Please (Don’t) Pass the Pie

woman looking at ice cream cone
The cashiers used to ask if we raised rabbits.

Growing up, I usually ate healthy. At home we had tons of fruit and veggies and, much to my brother’s and my disappointment, very few desserts. We ate salad every lunch and dinner and I could probably have counted on one hand the number of soft drinks I consumed annually. At the grocery store, we would stack bags of carrots at the checkout counter, hence the rabbit-raising question.

Fast forward a few years and many of those food decisions that were made by my parents are my decisions now. I have so many more options, most of which come with additional calories. It has been way too easy to make “just this once” a daily routine, and my once-healthy lifestyle has morphed into a carb-loaded distant shadow of its former self.

You Are What You Eat

Many, many books and blog posts and TV shows and documentaries have been created to convince us why healthy eating is important, and honestly that’s not my mission today. Let’s just remember that our food decisions should never be motivated by the need to impress others with our health/body/self-control, but instead should be guided by our desire to have the ability and energy for whatever God has called us to do. For the Christian, caring for our health should not be our highest priority, but it should be a priority.

I say that, yet I literally just ate a bag of Cheetos, which is basically the definition of junk food. Nowhere to go but up, folks.

A Few Ideas

Don’t worry; I’m not going to advocate for the latest fad diet or cutting out all sugar in any form at all times. As is true in so many areas of life, moderation is key. With that in mind, here are some practical tips to get your plate back in order.

Plan ahead.

For starters, what’s your goal? Do you want to lose weight or train for a 5K? Are soft drinks doing you in or are carbs dominating your diet? Decide what you want to focus on right now, and don’t make “be healthy” your goal. That’s too fuzzy and unattainable, so go for specific like ”cut out soft drinks” or “eat green veggies every day.” For me, I’m going to work toward increasing my daily veggie intake, particularly in my work lunches. Pick what success looks like for you.

On a related planning note, have options on hand. Find some healthy snacks and stock up so you won’t find yourself searching for a snack when you’re already hungry — or worse —a little hangry. Remember which busy days need quick and easy dinner options, and know what restaurant you can eat at if you need to eat out.

Capitalize on what you like.

Hate broccoli? Then avoid it for now. If you like carrots and lettuce, include them in your meals as often as possible. I can’t stand avocados, but can find healthy fats that are easier for me to swallow.

Try a “timed” diet.

Experiment with something like Whole 30 or two weeks of Paleo. Diets like these are super hard to maintain long-term, but are very doable for a short amount of time. In the process, you not only strengthen your self-control and realize what you’re capable of, but you find meals and foods that you like and you experience the benefits of healthy eating. All this works together to give you even more motivation to continue making healthy choices.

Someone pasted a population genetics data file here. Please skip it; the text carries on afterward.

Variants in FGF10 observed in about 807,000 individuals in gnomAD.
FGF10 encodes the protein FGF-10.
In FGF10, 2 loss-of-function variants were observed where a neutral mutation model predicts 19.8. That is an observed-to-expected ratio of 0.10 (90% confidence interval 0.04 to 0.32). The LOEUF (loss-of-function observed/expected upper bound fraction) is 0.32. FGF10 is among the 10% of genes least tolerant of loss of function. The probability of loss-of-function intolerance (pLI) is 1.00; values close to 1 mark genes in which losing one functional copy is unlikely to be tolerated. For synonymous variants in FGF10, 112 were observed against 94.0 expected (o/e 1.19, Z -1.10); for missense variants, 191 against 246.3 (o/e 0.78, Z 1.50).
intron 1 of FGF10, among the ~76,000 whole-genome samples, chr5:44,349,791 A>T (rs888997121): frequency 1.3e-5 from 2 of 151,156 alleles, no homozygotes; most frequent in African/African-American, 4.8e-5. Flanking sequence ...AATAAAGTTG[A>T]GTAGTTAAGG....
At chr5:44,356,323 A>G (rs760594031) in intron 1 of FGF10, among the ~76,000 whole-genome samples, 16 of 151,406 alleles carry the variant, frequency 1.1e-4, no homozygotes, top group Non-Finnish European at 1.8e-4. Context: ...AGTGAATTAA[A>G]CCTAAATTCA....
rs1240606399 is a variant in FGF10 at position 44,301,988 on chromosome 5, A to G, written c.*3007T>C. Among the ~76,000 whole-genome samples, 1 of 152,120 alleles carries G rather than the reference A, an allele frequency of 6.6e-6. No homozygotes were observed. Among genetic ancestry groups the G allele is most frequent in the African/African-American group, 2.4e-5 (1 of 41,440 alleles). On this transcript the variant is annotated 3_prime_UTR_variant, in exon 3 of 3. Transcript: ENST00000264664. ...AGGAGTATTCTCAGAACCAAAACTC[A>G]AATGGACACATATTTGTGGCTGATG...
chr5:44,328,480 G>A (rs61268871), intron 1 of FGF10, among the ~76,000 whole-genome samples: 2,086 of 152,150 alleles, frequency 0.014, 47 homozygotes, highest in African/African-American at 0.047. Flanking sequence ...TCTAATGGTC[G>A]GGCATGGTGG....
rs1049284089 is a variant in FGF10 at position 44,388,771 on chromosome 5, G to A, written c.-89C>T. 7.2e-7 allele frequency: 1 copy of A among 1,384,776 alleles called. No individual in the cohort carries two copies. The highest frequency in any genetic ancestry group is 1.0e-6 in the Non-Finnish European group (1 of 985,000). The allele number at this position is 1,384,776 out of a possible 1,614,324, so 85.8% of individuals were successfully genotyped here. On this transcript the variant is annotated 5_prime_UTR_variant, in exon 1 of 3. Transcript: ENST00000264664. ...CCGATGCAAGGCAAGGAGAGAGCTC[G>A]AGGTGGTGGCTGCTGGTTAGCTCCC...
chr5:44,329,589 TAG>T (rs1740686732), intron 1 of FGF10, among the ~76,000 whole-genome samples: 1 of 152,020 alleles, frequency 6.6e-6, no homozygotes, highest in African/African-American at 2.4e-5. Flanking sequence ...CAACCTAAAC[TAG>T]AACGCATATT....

Pick a treat day.

This is a trick I learned from a family friend. Instead of banning all sugar (or carbs or soft drinks or whatever) from your diet, pick one day a week as your treat day. Each treat day, choose one or two reward foods. Try not to go overboard and override all the healthy choices you made the rest of the week, but reward your self-control with something you’ve been craving. By delaying – not deleting – my food treats, I can limit my splurges while also avoiding getting so burnt out on healthy eating that I stop trying altogether.

Enlist a friend.

Don’t go it alone. Choose someone who will either make healthy choices with you or encourage you and hold you to your plan. New adventures are always better with a buddy, especially one who will keep you motivated (and honest) on the days that are especially tough. This friend should also celebrate your milestones and successes along the way.

No Pie for Me, Please

I don’t raise rabbits. I’m not a health nut, and organic foods will never be my passion. But as a Christian adult, I need to make wiser decisions about what I eat.

So I’ll skip dessert this time. I’ll save it for my treat day.

Copyright 2019 Lauren Dunn. All rights reserved.

About the Author

Lauren Dunn
Lauren Dunn

Lauren Dunn is a writer and toddler teacher, and she blogs at These Traveling Days. She loves to read books that are so good they make her want to crawl into their stories, and she can never have enough of her favorite Pixar movies or chocolate chip cookie dough.